There may be some fine weather in August’s last week: St Swithin’s 40 days finishes on 24th. Here we have been watering salads a little, having been quite dry recently, but not sunny.
Flowers at Homeacres continue to be gorgeous, and the colours of vegetables are much underrated I feel. See next para too.
Growth in high summer is so, so fast, and I love how brassicas suddenly take off about two weeks after planting. The red cabbage are drawing ooh’s and aahs’ of admiration from visitors, but red cabbage are funny things and I am not counting my hearts until they are well formed and dense. We planted them 20th June after clearing broad beans, no compost or anything else has been spread there since November.
You can now sow cabbage to heart in the spring, or wait until the last week of August in the southern UK. Spring onions are good to sow now as well, and continue sowing racket, oriental leaves, land cress, coriander, chervil.
Why less weeds in no dig?
A trial in Pennsylvania shows that weeds germinate and grow less when just an extract of compost, with its microbes, is added to soil. It’s the ecology, stupid! and to be precise this finding ties in with Elaine Ingham’s discovery that high fungal populations near the surface are a discouragement to germination of pioneer weed seeds. More about her work here. Thanks to Steph and FB group Undug for the Pennsylvania link.
Growth in my garden continues to surprise me even in my sixth decade. Plants growing in undisturbed and well-fed soil just want to please us. Well fed means the soil life is well fed, not that I add or recommend adding fertilisers, even organic ones.
Seed saving, watering, fifth summer
I was delighted to meet Huw Richards and he interviewed me for a video on his channel, coming out late August. He is just 18 years old and completed A levels this summer, is committed to learning gardening and helping others to succeed, and works from his family’s smallholding in Tregaron, West Wales.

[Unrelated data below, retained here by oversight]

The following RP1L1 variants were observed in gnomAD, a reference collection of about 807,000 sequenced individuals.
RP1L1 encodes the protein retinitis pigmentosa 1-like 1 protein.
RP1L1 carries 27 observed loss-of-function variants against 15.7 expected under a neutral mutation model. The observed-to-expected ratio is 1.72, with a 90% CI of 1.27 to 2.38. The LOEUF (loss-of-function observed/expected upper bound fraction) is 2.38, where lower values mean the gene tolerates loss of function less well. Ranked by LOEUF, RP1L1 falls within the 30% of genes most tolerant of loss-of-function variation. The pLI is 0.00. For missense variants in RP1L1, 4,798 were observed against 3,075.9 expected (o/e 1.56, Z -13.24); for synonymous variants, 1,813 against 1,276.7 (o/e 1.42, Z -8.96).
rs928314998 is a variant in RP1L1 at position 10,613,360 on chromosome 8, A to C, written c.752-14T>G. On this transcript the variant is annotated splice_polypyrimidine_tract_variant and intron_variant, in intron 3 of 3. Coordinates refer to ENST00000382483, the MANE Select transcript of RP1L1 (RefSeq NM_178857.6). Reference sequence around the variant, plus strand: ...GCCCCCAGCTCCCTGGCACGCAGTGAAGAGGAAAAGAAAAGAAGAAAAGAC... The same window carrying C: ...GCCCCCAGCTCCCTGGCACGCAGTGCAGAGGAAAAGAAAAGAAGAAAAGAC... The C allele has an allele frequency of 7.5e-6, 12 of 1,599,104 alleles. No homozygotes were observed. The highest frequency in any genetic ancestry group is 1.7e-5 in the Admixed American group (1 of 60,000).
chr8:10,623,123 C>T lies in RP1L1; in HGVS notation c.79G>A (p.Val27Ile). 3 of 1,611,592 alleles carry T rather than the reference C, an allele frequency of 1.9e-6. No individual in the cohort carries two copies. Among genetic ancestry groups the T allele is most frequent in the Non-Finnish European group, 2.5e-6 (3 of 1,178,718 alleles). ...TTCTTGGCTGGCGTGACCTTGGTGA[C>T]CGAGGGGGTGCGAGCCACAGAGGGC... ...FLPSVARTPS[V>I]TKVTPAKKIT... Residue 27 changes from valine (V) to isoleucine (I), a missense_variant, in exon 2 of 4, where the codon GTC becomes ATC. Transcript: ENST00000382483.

Edward has just completed mammoth film and editing sessions for Fifth Summer, our sequel to Fourth Summer which has proved so popular,, it’s two thirds of the way to a million views. Edward is keen to show his new skills in filming and editing, though even with everything well planned we were caught out one morning by some gusty winds on the microphone.
Veg to store
It is exactly one year since the BBC filmed here and I made the little bed for Gardeners World, see the April programme here and the bed making is at 23min. This year the bed has grown Gourmande potatoes, and i was shocked on 13th to discover some blighted tubers, even though the leaves were mostly healthy. I recommend harvesting most potatoes now, except for late maincrops; otherwise you lose more than you gain, to blight and slugs. And after the harvest, you can plant more vegetables.
We shall plant either fennel or oriental leaves on that bed, perhaps spinach too. And we planted lettuce after onions.
Steph enjoyed an early morning pick of fruit and veg. She lives in an ex-council house with its long back garden, which is now a quarter full of polytunnel!
I have compared growth of an F1 pepper Magno, to a German variety Roter Augsburger. The Magno started well but many peppers formed at once and the plants then took a pause before fruiting again. The RA has cropped a lot throughout, peppers of lower weight but colouring up willingly, and sweet.
Dig/no dig compared, still planting
The trial has been fascinating as ever. Mostly the no dig bed is ahead in harvests, but three exceptions have been peas, potatoes and carrots, more details and photos here. Legumes always grow 5% more on disturbed soil, in my trials. But in 2016, no dig gave more potatoes and carrots, so it’s hard to predict and more fun for that.
I noticed how growth on the no dig bed was slower than usual after harvesting potatoes in late June. I imagine the fungal networks were damaged by the potato harvest, see this Washington Post article on soil for more on that.
No Dig Organic Home and Garden continues to fly, last week we were pleased to see such a high sales ranking.
We are selling it off my site cheaper (£16.95) than Amazon, and my perennial Diary is cheaper too at £10.95, it will be great for Christmas presents. Not to mention my bargain deal for Winter Vegetables, just £9.